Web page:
Take Your Dog to Work Day: Some Do’s and Don’ts

For those of us who love dogs, there’s nothing better than coming home to a wagging tail at the end of a stressful day. Now imagine if that wagging tail could alleviate your stress all day, every day…while you work! These days, the idea of canine coworkers is becoming more and more accepted, and with good reason. A study by Virginia Commonwealth University found that “dogs in the workplace may buffer the impact of stress during the workday for their owners and make the job more satisfying for those with whom they come into contact.” Since stress is a major contributor to employee dissatisfaction, it only makes sense to welcome pups into the office…at least on a part-time basis.

To encourage companies to open their doors to four-leggers, June 26th has been declared National Take Your Dog to Work Day. If you have the opportunity to participate, here are a few tips for how to make the most of your pup’s day on the job:

Current Vaccinations Are a Must
As anyone who’s ever worked in an office knows, there’s nothing worse than catching something from a coworker. This goes double for your dog. Make sure vaccinations are up-to-date to keep him from getting ill or infecting another pooch.

Pack a Bag
Bringing along the right supplies will help your dog feel comfortable in this unfamiliar environment. Be sure to pack food, treats, bowls, a bed or blanket, poop bags, and a toy or two to keep him occupied while you work.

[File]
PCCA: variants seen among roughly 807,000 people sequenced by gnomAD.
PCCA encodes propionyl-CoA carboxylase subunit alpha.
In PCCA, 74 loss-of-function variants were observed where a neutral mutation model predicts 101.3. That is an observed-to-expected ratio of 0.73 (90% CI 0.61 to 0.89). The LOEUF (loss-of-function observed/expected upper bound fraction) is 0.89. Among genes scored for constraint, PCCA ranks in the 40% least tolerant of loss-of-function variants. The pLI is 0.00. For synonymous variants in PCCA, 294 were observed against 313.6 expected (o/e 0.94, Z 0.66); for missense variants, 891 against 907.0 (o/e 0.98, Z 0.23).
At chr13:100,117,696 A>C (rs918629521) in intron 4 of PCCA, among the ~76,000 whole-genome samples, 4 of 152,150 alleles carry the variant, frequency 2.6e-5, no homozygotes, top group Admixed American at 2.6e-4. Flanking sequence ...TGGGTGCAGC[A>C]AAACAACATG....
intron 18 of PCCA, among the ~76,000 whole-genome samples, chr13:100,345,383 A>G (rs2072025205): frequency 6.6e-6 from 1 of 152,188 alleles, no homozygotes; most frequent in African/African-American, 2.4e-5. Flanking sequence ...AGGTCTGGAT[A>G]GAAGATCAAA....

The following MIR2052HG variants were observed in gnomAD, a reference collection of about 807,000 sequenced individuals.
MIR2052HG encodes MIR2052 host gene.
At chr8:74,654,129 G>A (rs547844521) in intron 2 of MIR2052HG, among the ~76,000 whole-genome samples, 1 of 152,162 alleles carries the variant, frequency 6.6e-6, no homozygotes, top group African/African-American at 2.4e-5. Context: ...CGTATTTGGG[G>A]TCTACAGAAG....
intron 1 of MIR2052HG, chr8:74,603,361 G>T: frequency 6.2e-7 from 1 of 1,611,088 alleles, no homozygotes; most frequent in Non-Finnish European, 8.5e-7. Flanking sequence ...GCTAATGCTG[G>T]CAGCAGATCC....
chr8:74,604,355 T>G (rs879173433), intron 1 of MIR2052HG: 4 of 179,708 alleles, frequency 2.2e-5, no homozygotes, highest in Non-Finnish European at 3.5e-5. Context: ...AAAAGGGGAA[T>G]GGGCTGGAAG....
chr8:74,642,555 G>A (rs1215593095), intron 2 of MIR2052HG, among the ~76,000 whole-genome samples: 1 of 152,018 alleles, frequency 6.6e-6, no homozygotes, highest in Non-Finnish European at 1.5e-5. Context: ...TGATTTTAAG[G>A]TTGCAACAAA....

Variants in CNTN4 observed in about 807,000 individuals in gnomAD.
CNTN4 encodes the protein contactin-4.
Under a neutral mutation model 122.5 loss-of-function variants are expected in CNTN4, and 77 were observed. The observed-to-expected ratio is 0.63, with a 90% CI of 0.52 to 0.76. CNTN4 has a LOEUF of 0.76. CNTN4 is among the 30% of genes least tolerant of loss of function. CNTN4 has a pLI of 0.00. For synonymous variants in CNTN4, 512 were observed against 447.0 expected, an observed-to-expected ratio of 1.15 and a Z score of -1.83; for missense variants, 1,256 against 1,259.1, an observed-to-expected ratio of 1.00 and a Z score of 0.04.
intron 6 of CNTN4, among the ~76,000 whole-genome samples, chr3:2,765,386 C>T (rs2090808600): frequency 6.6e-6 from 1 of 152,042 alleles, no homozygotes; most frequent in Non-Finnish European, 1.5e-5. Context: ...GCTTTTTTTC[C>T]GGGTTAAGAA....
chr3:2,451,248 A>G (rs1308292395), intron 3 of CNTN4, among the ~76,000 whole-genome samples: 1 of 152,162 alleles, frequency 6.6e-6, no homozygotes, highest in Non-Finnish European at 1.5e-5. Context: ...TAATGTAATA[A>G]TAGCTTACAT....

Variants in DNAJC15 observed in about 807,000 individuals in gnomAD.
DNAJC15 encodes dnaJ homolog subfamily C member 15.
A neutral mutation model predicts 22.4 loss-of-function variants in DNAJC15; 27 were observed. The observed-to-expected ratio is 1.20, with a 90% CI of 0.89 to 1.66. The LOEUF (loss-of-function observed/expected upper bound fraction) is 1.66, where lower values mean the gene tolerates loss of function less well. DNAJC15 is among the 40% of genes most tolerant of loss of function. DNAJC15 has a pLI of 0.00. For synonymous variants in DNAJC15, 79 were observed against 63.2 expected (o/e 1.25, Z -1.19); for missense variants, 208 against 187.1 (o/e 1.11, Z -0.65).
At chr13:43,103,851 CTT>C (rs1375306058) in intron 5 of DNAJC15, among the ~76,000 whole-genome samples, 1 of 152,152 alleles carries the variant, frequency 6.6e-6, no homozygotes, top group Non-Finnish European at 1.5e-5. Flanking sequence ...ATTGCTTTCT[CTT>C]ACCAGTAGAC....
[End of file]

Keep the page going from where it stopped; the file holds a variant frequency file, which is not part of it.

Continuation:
Take a Break
Even the most laid-back dogs can get restless in a strange place with lots of activity going on. Take your dog on a log walk before you come to work to help tire and relax him. Then try to incorporate regular strolls and bathroom breaks throughout the day.

Pooch-Proof Your Space
Before the big day arrives, take a look around for any temptations or dangers. Are there cords he might chew? Does the trash need to be emptied? Have pens or thumbtacks made their way to the floor? Do what you need to do to create a safe environment for your four-legged office mate.

Practice Good “Petiquette”
Some people are afraid of dogs, others are allergic and still others may not appreciate having their day interrupted by a prying nose. So don’t allow your dog to wander loose around the office or approach other humans or canines without permission.

Know When It’s Quitting Time
While it might be your dream to take your dog to work, it might be their worst nightmare. If he’s afraid of new places or people, or is stressed being around other dogs, leave him at home. On the other hand, if your dog becomes anxious after you arrive, know when it’s time to call it a day.